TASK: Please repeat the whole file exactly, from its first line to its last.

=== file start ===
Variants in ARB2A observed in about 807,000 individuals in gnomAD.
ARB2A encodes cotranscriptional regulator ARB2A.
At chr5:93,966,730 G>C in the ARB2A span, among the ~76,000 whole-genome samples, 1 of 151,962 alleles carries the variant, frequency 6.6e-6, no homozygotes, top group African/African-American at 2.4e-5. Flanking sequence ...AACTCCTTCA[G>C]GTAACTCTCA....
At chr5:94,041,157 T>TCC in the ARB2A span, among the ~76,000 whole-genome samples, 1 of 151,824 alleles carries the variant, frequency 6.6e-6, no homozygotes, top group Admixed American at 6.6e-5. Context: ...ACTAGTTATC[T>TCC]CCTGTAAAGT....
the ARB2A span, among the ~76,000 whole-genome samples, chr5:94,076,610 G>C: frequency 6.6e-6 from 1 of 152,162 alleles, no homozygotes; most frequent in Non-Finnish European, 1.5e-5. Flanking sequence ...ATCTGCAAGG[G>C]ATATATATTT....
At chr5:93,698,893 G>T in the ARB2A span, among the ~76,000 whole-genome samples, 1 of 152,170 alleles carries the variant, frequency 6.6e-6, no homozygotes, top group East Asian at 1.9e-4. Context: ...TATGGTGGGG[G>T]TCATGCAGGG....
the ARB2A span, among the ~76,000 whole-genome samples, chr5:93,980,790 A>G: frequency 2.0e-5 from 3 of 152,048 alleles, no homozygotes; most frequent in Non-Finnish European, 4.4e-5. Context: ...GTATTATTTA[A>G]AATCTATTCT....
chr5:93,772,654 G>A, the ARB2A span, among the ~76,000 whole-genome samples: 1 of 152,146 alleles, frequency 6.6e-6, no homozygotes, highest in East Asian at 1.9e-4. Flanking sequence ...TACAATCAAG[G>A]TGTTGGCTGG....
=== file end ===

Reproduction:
Variants in ARB2A observed in about 807,000 individuals in gnomAD.
ARB2A encodes cotranscriptional regulator ARB2A.
At chr5:93,966,730 G>C in the ARB2A span, among the ~76,000 whole-genome samples, 1 of 151,962 alleles carries the variant, frequency 6.6e-6, no homozygotes, top group African/African-American at 2.4e-5. Flanking sequence ...AACTCCTTCA[G>C]GTAACTCTCA....
At chr5:94,041,157 T>TCC in the ARB2A span, among the ~76,000 whole-genome samples, 1 of 151,824 alleles carries the variant, frequency 6.6e-6, no homozygotes, top group Admixed American at 6.6e-5. Context: ...ACTAGTTATC[T>TCC]CCTGTAAAGT....
the ARB2A span, among the ~76,000 whole-genome samples, chr5:94,076,610 G>C: frequency 6.6e-6 from 1 of 152,162 alleles, no homozygotes; most frequent in Non-Finnish European, 1.5e-5. Flanking sequence ...ATCTGCAAGG[G>C]ATATATATTT....
At chr5:93,698,893 G>T in the ARB2A span, among the ~76,000 whole-genome samples, 1 of 152,170 alleles carries the variant, frequency 6.6e-6, no homozygotes, top group East Asian at 1.9e-4. Context: ...TATGGTGGGG[G>T]TCATGCAGGG....
the ARB2A span, among the ~76,000 whole-genome samples, chr5:93,980,790 A>G: frequency 2.0e-5 from 3 of 152,048 alleles, no homozygotes; most frequent in Non-Finnish European, 4.4e-5. Context: ...GTATTATTTA[A>G]AATCTATTCT....
chr5:93,772,654 G>A, the ARB2A span, among the ~76,000 whole-genome samples: 1 of 152,146 alleles, frequency 6.6e-6, no homozygotes, highest in East Asian at 1.9e-4. Flanking sequence ...TACAATCAAG[G>A]TGTTGGCTGG....